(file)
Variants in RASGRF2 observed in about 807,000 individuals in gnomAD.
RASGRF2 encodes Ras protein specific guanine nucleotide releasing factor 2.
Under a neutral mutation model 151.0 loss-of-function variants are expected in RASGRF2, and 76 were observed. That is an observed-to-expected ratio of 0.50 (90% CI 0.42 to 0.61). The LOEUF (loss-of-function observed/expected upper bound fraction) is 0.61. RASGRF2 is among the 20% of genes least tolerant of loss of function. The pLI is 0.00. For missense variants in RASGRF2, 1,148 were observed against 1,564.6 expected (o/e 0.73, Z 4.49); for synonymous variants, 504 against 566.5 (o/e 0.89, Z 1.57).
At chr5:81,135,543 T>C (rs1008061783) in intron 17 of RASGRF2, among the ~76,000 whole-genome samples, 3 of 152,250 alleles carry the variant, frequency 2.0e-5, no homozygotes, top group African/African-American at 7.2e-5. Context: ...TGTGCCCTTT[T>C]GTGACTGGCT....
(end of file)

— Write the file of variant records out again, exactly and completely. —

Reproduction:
Variants in RASGRF2 observed in about 807,000 individuals in gnomAD.
RASGRF2 encodes Ras protein specific guanine nucleotide releasing factor 2.
Under a neutral mutation model 151.0 loss-of-function variants are expected in RASGRF2, and 76 were observed. That is an observed-to-expected ratio of 0.50 (90% CI 0.42 to 0.61). The LOEUF (loss-of-function observed/expected upper bound fraction) is 0.61. RASGRF2 is among the 20% of genes least tolerant of loss of function. The pLI is 0.00. For missense variants in RASGRF2, 1,148 were observed against 1,564.6 expected (o/e 0.73, Z 4.49); for synonymous variants, 504 against 566.5 (o/e 0.89, Z 1.57).
At chr5:81,135,543 T>C (rs1008061783) in intron 17 of RASGRF2, among the ~76,000 whole-genome samples, 3 of 152,250 alleles carry the variant, frequency 2.0e-5, no homozygotes, top group African/African-American at 7.2e-5. Context: ...TGTGCCCTTT[T>C]GTGACTGGCT....